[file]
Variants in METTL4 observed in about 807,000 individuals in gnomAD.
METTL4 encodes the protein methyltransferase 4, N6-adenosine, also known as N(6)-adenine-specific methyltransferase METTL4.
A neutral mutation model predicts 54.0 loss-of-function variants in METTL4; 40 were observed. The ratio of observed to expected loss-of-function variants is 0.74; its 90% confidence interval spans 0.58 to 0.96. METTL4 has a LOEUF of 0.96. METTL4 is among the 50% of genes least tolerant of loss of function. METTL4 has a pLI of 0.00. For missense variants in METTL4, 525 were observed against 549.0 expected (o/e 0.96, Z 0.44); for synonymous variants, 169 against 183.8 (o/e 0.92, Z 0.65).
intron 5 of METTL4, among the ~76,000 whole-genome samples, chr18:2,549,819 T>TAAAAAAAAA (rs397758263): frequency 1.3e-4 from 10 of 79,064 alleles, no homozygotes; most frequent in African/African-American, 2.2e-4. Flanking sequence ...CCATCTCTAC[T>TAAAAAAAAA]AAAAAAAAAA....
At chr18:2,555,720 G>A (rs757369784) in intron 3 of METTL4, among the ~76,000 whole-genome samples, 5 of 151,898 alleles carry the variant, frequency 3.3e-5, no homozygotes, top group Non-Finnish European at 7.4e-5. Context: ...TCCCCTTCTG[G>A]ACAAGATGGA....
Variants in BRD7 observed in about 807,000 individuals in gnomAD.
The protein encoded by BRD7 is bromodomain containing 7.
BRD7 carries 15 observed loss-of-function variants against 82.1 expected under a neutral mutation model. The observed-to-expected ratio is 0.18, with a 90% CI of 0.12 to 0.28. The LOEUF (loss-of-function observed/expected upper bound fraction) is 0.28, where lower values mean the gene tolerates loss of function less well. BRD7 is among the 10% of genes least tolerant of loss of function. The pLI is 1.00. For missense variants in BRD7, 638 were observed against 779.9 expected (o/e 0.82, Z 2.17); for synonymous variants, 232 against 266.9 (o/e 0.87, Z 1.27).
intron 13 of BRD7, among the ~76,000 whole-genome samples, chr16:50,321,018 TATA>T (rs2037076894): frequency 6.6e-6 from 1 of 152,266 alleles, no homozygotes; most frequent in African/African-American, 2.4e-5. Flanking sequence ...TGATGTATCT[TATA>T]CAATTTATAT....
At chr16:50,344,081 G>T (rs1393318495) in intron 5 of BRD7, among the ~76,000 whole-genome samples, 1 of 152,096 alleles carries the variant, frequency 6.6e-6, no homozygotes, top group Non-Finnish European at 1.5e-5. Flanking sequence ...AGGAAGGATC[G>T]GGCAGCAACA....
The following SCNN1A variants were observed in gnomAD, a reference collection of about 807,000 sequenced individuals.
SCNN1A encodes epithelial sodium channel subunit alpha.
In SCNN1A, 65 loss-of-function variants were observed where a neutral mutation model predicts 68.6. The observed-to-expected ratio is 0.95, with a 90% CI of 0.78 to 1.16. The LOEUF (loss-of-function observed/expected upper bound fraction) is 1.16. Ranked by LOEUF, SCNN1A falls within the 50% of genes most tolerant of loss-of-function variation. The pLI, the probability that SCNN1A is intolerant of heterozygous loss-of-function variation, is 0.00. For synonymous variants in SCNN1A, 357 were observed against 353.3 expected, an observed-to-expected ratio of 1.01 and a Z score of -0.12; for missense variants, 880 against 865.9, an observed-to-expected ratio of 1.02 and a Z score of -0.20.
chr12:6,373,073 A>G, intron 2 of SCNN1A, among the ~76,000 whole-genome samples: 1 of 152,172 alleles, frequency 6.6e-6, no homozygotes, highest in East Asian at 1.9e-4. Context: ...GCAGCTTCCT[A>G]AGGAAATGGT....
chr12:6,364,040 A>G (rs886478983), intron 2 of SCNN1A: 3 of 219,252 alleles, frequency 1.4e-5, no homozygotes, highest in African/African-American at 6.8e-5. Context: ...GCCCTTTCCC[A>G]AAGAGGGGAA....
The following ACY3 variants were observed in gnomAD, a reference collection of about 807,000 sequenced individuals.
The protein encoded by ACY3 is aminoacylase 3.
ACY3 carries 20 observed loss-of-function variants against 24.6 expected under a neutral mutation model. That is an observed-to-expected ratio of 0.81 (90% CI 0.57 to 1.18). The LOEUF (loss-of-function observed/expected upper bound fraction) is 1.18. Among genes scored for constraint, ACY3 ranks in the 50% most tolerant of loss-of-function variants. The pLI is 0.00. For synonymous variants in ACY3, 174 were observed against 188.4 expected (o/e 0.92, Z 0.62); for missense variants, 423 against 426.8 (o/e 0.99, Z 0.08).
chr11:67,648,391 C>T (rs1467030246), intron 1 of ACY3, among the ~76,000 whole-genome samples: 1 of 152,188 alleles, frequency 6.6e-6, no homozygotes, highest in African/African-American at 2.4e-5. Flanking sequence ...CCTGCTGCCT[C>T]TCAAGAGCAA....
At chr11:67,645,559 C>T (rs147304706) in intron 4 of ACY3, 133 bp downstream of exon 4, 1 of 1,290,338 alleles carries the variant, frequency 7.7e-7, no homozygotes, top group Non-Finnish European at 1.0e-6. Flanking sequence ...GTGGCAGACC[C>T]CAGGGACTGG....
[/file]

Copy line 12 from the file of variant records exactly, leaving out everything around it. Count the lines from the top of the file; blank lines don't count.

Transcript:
SCNN1A encodes epithelial sodium channel subunit alpha.